Kolkata 71, Padatik, Kharij and Ekdin Pratidin
Mrinal Sen has made 27 feature films till date. Kolkata has featured directly in 14 films and partly in two or three films. The fourteen films are Punashcha (1961), Abasheshe (1963), Pratinidhi (1964), Akash Kusum (1965), Interview (1970), Kolkata 71 (1972), Padatik (1973), Chorus (1974), Parshuram (1978), Ekdin Pratidin (1979), Chalchitra (1981), Kharij (1982), Ekdin Achanak (1989) and Mahaprithibi (1991)
Mrinal Sen once said, “I cannot think of my existence without Kolkata…Kolkata is my El-Dorado. My protest, my success or my failure, my emotions, my excitements - everything is wrenched with my own city Kolkata.” In 1990 Mrinal Sen made one documentary on his own city, “Calcutta, My El-Dorado.”
Punashcha, Abasheshe and Pratinidhi are the three early films by Sen, where urban middle class life has been shown. But these three films were typically ones of the early days. He was then searching for the language of expression. Those were the formative years of Sen. So, Kolkata as such did not appear as a character in the films.
But in Akash Kusum we found new director in Mrinal Sen who has a definite message in his film. For the first time Kolkata became a character in his film. He tried to convey the message that urban middle class have lots of dreams, but there are all false dreams. It is the city, who forces to dream all those absurd dreams, which ultimately remain unfulfilled. Nobody can become rich overnight in this capitalized society. And the truth is there always remains a class difference. Love is insignificant if there is class difference.
Kolkata becomes a major character in Sen′s later works. Interview was the preparatory stage of his later works. This film deals with the problems of the colonial hangover the city still had. A young man did not get any job because he couldn′t organize a suit to wear before the interview board. Sen tried to present the film in a Brechtian style. He deliberately tried to convince us that we are seeing a film, not a real thing. Kolkata tram, bus, street, pedestrians, shops became the character of the film.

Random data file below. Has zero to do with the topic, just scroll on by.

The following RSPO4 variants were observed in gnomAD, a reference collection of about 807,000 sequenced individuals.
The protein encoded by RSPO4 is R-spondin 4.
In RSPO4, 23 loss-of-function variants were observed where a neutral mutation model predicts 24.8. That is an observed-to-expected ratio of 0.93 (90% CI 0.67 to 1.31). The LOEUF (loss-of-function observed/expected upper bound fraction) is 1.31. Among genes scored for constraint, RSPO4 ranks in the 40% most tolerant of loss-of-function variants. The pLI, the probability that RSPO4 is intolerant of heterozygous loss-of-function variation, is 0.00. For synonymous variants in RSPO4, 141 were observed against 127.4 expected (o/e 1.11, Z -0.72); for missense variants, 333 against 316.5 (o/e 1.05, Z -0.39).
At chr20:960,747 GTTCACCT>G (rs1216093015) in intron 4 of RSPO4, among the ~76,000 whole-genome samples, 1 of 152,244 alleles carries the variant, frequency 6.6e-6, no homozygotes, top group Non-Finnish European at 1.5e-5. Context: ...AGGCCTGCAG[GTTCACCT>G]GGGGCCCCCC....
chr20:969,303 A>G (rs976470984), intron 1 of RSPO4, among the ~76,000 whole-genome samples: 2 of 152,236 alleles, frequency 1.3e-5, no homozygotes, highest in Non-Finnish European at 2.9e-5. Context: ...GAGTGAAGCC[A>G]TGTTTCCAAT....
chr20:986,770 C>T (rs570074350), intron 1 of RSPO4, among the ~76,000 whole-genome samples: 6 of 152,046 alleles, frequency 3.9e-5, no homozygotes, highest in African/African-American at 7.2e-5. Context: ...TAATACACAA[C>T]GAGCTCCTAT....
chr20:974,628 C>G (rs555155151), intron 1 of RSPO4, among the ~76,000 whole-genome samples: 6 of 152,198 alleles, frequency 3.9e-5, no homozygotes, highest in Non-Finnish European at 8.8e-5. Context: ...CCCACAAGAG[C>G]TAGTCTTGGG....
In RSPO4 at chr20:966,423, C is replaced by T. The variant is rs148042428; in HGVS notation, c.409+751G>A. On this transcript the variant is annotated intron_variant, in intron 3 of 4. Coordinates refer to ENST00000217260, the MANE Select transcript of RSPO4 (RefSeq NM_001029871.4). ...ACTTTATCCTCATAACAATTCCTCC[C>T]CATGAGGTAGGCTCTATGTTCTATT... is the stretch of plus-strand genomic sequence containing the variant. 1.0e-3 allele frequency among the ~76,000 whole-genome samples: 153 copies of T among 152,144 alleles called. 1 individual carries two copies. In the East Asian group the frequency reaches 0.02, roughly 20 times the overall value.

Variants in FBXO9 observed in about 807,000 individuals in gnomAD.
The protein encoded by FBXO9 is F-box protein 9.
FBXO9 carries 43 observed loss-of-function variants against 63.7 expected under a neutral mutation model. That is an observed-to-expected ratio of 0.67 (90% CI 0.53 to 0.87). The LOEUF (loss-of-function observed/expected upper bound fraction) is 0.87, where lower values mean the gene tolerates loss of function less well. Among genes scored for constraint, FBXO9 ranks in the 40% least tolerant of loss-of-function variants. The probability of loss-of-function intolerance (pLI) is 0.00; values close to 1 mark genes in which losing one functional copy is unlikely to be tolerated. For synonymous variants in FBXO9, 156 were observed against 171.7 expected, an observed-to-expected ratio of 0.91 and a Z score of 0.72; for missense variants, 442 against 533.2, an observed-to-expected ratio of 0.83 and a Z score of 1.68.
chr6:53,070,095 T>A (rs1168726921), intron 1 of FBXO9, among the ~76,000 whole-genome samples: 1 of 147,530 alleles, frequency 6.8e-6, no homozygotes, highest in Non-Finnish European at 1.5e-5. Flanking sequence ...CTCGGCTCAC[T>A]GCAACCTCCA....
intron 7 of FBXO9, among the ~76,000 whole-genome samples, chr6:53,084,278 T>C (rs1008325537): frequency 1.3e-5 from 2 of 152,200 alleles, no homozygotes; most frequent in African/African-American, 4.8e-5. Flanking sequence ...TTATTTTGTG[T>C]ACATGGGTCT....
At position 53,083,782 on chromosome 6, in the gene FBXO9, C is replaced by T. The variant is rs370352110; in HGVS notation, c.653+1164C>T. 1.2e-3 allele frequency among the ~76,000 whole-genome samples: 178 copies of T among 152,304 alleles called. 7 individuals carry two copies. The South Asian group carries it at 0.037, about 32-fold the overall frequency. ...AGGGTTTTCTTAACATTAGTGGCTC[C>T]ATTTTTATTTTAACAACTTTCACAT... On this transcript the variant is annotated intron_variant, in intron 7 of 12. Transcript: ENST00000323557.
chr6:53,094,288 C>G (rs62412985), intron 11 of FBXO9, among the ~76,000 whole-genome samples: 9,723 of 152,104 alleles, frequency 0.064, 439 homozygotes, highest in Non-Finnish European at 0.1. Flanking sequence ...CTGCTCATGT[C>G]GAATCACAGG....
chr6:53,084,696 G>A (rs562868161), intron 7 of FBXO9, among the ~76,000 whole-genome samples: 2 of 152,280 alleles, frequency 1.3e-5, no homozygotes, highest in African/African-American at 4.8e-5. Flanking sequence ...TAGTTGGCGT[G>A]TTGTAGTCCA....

And then Sen became a political film maker. In 1967 Mrinal Sen made a documentary titled, “Moving Prospective”. The role of this documentary was definitely there in his overtly political approach in all of his remaining films. His next three films: Kolkata 71, Padatik and Chorus and are three unique documentation of the prevalent political situation in Kolkata. We may also call the three films as “Kolkata Trilogy”. Mrinal treated the city of Kolkata of the 70′s in a way, Godard treated his own city Paris. We have never seen Kolkata in such a way before. Sen′s hand-held camera was moving even through the narrow bye-lanes of the city. Violence, treachery, torture, beurocracy, revolutionary ideas, terrorism, petit bourgeoisie vacillation and love - all were part and parcel of every inch of the city and Sen capture everything in the minutest detail. These three films remained as the unique and most convincing document of Kolkata of the 70′s till date.
In Ekdin Pratidin Sen again came back to middle class urban people. He wanted to study the middle class values of the late 70′s. The only female earning member of the family did not return one day, she stayed somewhere overnight. And this created a tension amongst her family members. Her father, mother, brother - all were tense not because she hadn′t come, but because she remained outside her home whole night which defames the family. Sen never told us where the girl spent the whole night. This is a typical urban story, a story of Kolkata, a story about Kolkata′s middle class people and their values, their limitations and their own crisis.
Kharij and Ekdin Achanak are the two films where Sen studied the urban middle class people from a different angle.
Ekdin Achanak is also like Ekdin Pratidin but here the family in crisis is of a slightly higher status, of the upper middle class strata. Here an aged man, who is a famous writer, one day leaves his home and never returns. The crisis of this wife is that, she is in a doubt that her husband may go away with one of his female researcher students. We never see her bothered about the absence of her husband, she is only perturbed with whom he has gone. Again the crisis of defamation, the crisis of urban middle class value appears.
Kharij is a study of urban middle - middle class value. Here a teenage village boy died in a kitchen of a Kolkata flat because of the leakage of the cooking gas. As the space in the flat was so small, the boy who worked as a helping hand to the family had to sleep in the kitchen. The crisis of the family is how to hush-up the case and convince the poor father of the boy that his son died a natural death. We find the young couple of the family though feeling guilty about their crime, but constantly trying to prove their innocence. The film begins with a panoramic view of Kolkata, where it is superimposed - “December 29th 1981 Kolkata is under cold wave.” The teenage boy had to sleep in the kitchen for a little warmth in the Kolkata of late December night. Here also the crisis of defamation, crisis of values.
So, if Kolkata 71, Padatik and Chorus are part of the trilogy of Kolkata of the 70′s; Ekdin Pratidin, Kharij and Ekdin Achanak may be treated as another trilogy to study urban middle class values.